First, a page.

Training is key in correct use of deadly force, officers say
Posted May 8, 2015
Raleigh, N.C. — The fatal shooting this week of a Raleigh man by Wake Forest police brings to 10 the number of people dead at the hands of Triangle and Cumberland County law enforcement since January 2013.
The officers who fired their weapons at David Johnson, 18, said he was armed with a handgun and refused to drop his weapon. They are on paid administrative leave while the State Bureau of Investigation looks into the case.
The incident raises questions about the use of deadly force. WRAL News spoke with officers Friday who said they never want to use deadly force, but each law enforcement agency in North Carolina operates under the same general statute that allows them to use it if they feel like they have no other choice.
According to state law, an officer can use deadly force "to defend himself or a third person from what he reasonably believes to be the use or imminent use of deadly physical force."
Often, officers have only seconds to assess a situation.
“You're having to key in on what the suspect is doing with the weapon, you're trying to challenge, you're trying to determination are they pointing the weapon at me and what do I do to stop the threat,” Durham Police Deputy Chief Larry Smith said.
That's where required training comes into play. The state mandates all officers undergo annual training, including when to use deadly force.
Wellington Scott, a retired lieutenant colonel with the North Carolina State Highway Patrol, now works with the International Academy of Public Safety. He says how officers train is key.
“When you train, you want your officers to train under stress so they will fall back on that stress-related (training) and make good decisions,” he said.
Smith says shooting a suspect is always a last resort. But when an officer is forced to shoot, it's with the sole intention of stopping the threat.
“When our officers trained, they’re trained to shoot at the biggest body part, which is center mass,” he said. “We don't train to try and shoot at a leg or shoot at an arm. If we try to do that and miss, then we have a dead officer or a dead citizen.”
WRAL News tracked the deaths involving several area law enforcement agencies since January 2013. Figures include both officer-involved deaths and deaths of people in custody of law enforcement. Neither the Cary and Chapel Hill police departments nor the Orange County Sheriff's Office reported any in-custody or officer-involved deaths during that time period.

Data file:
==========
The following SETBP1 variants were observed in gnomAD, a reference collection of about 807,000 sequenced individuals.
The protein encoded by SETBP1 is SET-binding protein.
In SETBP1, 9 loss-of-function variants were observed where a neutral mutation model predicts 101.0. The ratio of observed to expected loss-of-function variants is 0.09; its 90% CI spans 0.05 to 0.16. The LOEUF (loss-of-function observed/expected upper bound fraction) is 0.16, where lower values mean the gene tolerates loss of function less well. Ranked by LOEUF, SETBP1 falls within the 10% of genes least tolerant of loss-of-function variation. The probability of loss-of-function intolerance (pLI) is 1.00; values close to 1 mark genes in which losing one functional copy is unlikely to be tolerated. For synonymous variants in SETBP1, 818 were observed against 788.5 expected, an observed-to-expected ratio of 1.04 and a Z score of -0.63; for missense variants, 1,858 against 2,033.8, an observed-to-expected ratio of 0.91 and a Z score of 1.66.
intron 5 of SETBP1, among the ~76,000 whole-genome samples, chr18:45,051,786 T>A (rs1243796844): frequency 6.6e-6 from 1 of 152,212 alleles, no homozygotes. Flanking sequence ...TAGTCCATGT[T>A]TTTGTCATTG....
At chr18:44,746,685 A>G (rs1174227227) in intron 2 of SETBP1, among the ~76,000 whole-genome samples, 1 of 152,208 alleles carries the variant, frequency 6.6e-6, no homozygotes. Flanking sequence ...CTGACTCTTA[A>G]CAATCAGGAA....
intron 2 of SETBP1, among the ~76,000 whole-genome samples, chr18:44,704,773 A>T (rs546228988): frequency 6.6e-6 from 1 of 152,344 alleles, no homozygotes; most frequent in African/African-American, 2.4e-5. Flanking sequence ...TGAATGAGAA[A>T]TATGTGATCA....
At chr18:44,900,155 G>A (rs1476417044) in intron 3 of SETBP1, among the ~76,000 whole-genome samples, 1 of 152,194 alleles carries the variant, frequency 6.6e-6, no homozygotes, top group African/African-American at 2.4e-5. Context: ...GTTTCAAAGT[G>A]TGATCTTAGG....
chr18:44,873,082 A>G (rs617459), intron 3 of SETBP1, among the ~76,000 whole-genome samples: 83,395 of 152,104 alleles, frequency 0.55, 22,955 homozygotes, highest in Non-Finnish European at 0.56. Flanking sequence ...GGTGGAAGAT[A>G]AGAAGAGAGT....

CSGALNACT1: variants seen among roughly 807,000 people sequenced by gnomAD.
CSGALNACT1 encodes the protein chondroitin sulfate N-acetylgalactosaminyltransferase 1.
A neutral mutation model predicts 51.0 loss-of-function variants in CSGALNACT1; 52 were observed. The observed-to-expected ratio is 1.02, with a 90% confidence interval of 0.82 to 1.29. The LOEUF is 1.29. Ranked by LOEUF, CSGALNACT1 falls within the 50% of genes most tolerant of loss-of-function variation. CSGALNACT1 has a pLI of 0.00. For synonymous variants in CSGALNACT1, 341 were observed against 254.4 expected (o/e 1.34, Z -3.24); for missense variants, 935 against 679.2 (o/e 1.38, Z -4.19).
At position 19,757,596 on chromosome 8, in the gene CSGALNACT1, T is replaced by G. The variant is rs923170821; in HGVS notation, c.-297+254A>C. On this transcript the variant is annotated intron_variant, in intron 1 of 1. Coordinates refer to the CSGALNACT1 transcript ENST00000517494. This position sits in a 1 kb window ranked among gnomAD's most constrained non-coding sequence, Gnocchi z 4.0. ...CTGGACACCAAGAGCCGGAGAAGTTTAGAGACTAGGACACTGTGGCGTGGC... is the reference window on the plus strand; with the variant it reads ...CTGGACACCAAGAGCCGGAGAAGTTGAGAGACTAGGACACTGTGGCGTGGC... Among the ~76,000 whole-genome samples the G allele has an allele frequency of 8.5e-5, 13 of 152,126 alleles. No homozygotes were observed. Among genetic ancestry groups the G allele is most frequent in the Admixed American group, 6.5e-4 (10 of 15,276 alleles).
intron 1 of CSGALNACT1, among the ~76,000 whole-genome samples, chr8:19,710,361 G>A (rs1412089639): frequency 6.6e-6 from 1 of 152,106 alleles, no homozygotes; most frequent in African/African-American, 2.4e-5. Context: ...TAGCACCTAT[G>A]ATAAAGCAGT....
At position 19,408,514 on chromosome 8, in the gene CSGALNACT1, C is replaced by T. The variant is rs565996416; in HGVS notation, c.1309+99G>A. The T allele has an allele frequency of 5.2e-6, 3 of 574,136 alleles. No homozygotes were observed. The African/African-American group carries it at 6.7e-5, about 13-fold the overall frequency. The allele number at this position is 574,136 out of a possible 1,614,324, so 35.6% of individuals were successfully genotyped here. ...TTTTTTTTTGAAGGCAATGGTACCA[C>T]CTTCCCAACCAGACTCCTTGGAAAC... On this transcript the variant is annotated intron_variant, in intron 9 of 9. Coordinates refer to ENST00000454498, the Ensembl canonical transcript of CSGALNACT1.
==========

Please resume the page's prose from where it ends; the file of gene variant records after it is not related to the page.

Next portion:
|DURHAM POLICE||2013||officer-involved||Jose Ocampo||A man who refused to drop a knife was shot and killed by a Durham police officer, according to a police spokesperson|
|DURHAM POLICE||2013||officer-involved||Derek Walker||A 26-year-old man who was shot to death by police in downtown Durham posted on his Facebook page before the fatal standoff that he was upset about a custody dispute over his son and that he hoped to die soon.|
|DURHAM POLICE||2013||in-custody||Jesus Huerta||A 17-year-old died while in the custody of a Durham police officer.|
|DURHAM CO SHERIFF||2013||in-custody||Terry Lee||A 21-year-old inmate died at the Durham County Detention Center, the sheriff's office said.|
|DURHAM CO SHERIFF||2013||in-custody||Timothy Burns||Died of illness while housed at Department Adult Corrections safekeeping|
|DURHAM CO SHERIFF||2013||in-custody||Scott Smith||Died of illness while housed at Department Adult Corrections safekeeping|
|RALEIGH POLICE||2013||in-custody||Thomas Sadler||Raleigh police officers trying to control a man behaving aggressively toward them used a Taser device multiple times to try to subdue him before he died, according to a preliminary internal police report.|
|WAKE CO SHERIFF||2013||in-custody||Jonathan Cunningham||A 35-year-old Durham man being transported to a Winston-Salem psychiatric facility was shot and killed after, authorities said, he stole a Wake County sheriff deputy's cruiser and led authorities on a chase on Interstates 40 and 540 in Raleigh.|
|WAKE CO SHERIFF||2013||officer-involved||Misty Mullins||A Wake County deputy fatally shot a woman after she charged at him and two other deputies with a knife, Sheriff Donnie Harrison said.|
|FAYETTEVILLE POLICE||2013||officer-involved||Nijza Hagans||A Fayetteville police officer shot and killed a man during a traffic stop.|
|FAYETTEVILLE POLICE||2013||officer-involved||Shaqur McNair||A Fayetteville police officer responding to a domestic disturbance call early Sunday evening shot and killed a teenager who allegedly displayed a handgun during a confrontation with the officer, the city's police chief said.|
|FAYETTEVILLE POLICE||2013||officer-involved||Lawrence Graham||A man shot by Fayetteville police during a traffic stop two months earlier has died, police said Wednesday.|
|FAYETTEVILLE POLICE||2014||officer-involved||Charles McBennett||The man who died in a police shootout after authorities said he shot a Fayetteville police officer suffered from mental illness, his family said Wednesday.|
|CUMBERLAND CO SHERIFF||2014||officer-involved||Andrew Michaelis||A man who exchanged gunfire with deputies after hitting four deputies. It wasn't clear if the deputies killed him or if he took his own life.|
|CUMBERLAND CO SHERIFF||2014||officer-involved||Brian Burch||Authorities say a man died following a shooting involving Cumberland County sheriff's deputies at a Sonic Drive-In.|
|DURHAM CO SHERIFF||2015||in-custody||Dennis McMurray||Died of acute fentanyl poisoning, which he ingested prior to incarceration, per medical examiners report.|